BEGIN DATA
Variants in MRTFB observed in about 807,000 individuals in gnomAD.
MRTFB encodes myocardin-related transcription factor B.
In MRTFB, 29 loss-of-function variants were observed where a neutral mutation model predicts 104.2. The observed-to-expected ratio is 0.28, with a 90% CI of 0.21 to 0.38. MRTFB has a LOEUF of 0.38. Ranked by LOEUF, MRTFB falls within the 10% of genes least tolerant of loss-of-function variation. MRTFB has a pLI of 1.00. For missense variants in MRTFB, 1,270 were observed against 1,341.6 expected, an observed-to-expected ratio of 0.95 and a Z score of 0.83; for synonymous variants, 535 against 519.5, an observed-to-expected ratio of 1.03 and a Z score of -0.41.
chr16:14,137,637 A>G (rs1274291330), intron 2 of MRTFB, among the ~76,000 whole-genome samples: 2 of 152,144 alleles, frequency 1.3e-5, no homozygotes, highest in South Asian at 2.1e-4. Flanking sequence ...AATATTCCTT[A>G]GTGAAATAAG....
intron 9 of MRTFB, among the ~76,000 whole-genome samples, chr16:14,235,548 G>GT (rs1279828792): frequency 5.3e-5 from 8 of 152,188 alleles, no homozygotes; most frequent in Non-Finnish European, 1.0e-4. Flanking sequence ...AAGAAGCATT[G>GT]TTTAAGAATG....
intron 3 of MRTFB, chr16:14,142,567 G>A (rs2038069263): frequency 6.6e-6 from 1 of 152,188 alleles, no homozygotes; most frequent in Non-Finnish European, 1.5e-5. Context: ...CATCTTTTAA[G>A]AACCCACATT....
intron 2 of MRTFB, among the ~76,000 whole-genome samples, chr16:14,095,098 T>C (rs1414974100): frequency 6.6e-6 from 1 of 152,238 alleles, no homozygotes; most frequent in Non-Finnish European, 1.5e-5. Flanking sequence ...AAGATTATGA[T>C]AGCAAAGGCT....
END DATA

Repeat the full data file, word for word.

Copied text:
Variants in MRTFB observed in about 807,000 individuals in gnomAD.
MRTFB encodes myocardin-related transcription factor B.
In MRTFB, 29 loss-of-function variants were observed where a neutral mutation model predicts 104.2. The observed-to-expected ratio is 0.28, with a 90% CI of 0.21 to 0.38. MRTFB has a LOEUF of 0.38. Ranked by LOEUF, MRTFB falls within the 10% of genes least tolerant of loss-of-function variation. MRTFB has a pLI of 1.00. For missense variants in MRTFB, 1,270 were observed against 1,341.6 expected, an observed-to-expected ratio of 0.95 and a Z score of 0.83; for synonymous variants, 535 against 519.5, an observed-to-expected ratio of 1.03 and a Z score of -0.41.
chr16:14,137,637 A>G (rs1274291330), intron 2 of MRTFB, among the ~76,000 whole-genome samples: 2 of 152,144 alleles, frequency 1.3e-5, no homozygotes, highest in South Asian at 2.1e-4. Flanking sequence ...AATATTCCTT[A>G]GTGAAATAAG....
intron 9 of MRTFB, among the ~76,000 whole-genome samples, chr16:14,235,548 G>GT (rs1279828792): frequency 5.3e-5 from 8 of 152,188 alleles, no homozygotes; most frequent in Non-Finnish European, 1.0e-4. Flanking sequence ...AAGAAGCATT[G>GT]TTTAAGAATG....
intron 3 of MRTFB, chr16:14,142,567 G>A (rs2038069263): frequency 6.6e-6 from 1 of 152,188 alleles, no homozygotes; most frequent in Non-Finnish European, 1.5e-5. Context: ...CATCTTTTAA[G>A]AACCCACATT....
intron 2 of MRTFB, among the ~76,000 whole-genome samples, chr16:14,095,098 T>C (rs1414974100): frequency 6.6e-6 from 1 of 152,238 alleles, no homozygotes; most frequent in Non-Finnish European, 1.5e-5. Flanking sequence ...AAGATTATGA[T>C]AGCAAAGGCT....